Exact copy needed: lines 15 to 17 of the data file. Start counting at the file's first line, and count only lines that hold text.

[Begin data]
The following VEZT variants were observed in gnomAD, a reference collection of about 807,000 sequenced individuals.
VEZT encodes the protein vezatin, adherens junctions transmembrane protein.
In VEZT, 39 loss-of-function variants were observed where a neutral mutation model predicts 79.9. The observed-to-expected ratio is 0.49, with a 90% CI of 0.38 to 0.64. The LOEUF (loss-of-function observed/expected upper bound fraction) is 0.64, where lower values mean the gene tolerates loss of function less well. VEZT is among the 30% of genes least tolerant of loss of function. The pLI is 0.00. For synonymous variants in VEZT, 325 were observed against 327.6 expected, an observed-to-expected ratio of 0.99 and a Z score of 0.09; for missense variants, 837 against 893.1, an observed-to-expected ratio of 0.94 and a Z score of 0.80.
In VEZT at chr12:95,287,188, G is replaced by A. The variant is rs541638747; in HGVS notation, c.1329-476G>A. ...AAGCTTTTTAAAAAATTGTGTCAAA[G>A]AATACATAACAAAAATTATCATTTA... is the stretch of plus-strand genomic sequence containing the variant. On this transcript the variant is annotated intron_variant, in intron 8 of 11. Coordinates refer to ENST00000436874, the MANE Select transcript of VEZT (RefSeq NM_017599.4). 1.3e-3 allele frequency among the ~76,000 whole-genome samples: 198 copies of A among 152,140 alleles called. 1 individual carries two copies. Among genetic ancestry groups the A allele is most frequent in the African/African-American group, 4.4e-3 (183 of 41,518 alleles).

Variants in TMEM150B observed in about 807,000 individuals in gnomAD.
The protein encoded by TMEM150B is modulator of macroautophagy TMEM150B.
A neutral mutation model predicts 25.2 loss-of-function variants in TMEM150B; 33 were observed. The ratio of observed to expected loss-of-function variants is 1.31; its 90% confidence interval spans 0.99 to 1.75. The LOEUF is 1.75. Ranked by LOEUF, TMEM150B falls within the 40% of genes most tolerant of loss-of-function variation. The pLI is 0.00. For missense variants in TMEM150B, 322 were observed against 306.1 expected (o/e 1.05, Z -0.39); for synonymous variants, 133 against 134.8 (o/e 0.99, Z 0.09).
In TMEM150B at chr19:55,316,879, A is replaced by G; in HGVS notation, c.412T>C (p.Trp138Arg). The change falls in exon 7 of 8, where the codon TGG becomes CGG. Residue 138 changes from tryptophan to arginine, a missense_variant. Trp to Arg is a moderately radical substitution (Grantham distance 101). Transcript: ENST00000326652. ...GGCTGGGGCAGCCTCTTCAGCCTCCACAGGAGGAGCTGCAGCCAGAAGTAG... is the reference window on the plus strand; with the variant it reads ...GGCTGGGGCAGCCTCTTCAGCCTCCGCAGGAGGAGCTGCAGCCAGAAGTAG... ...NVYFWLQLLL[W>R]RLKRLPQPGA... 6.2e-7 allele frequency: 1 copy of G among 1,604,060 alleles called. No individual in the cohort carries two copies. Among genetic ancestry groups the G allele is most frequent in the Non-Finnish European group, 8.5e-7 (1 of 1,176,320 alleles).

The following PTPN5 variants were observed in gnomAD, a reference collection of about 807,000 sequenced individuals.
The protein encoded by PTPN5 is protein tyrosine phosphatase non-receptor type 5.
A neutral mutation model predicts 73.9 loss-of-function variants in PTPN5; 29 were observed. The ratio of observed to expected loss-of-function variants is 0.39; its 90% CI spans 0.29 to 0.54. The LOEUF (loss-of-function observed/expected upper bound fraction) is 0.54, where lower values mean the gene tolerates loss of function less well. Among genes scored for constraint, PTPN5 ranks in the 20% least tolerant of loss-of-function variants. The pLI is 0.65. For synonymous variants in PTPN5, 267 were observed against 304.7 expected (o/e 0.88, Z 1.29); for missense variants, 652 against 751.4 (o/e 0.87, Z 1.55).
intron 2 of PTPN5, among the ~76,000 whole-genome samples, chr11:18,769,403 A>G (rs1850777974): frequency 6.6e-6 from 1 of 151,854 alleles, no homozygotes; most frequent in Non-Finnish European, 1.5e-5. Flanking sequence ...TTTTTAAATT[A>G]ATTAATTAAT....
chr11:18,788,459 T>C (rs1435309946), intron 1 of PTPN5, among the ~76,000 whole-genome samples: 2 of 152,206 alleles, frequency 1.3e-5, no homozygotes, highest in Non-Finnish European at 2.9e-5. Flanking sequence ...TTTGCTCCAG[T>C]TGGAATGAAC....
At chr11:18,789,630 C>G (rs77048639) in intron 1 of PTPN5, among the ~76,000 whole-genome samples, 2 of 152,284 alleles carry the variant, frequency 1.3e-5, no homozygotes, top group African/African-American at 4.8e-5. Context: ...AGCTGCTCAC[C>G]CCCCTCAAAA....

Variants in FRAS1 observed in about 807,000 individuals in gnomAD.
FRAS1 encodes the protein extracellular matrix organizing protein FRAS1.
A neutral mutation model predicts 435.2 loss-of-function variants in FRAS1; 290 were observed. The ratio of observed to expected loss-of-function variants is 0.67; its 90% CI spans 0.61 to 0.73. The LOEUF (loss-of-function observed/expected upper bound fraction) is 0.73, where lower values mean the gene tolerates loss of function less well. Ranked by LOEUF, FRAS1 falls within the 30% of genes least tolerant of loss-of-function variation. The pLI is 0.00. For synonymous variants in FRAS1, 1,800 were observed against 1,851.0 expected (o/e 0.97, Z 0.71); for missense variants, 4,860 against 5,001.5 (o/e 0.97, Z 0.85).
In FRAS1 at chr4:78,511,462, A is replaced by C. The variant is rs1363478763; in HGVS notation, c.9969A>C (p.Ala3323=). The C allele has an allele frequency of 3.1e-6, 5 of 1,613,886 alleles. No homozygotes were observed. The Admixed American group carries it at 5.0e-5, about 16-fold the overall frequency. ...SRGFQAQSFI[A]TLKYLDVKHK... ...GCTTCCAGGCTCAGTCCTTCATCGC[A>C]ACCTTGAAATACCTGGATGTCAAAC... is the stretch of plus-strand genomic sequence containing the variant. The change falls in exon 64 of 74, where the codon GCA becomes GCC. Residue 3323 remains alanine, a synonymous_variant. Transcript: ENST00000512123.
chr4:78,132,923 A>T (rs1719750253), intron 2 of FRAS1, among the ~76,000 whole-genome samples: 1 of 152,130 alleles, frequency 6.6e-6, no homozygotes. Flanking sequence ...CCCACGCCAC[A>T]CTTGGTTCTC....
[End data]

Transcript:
Variants in FRAS1 observed in about 807,000 individuals in gnomAD.
FRAS1 encodes the protein extracellular matrix organizing protein FRAS1.
A neutral mutation model predicts 435.2 loss-of-function variants in FRAS1; 290 were observed. The ratio of observed to expected loss-of-function variants is 0.67; its 90% CI spans 0.61 to 0.73. The LOEUF (loss-of-function observed/expected upper bound fraction) is 0.73, where lower values mean the gene tolerates loss of function less well. Ranked by LOEUF, FRAS1 falls within the 30% of genes least tolerant of loss-of-function variation. The pLI is 0.00. For synonymous variants in FRAS1, 1,800 were observed against 1,851.0 expected (o/e 0.97, Z 0.71); for missense variants, 4,860 against 5,001.5 (o/e 0.97, Z 0.85).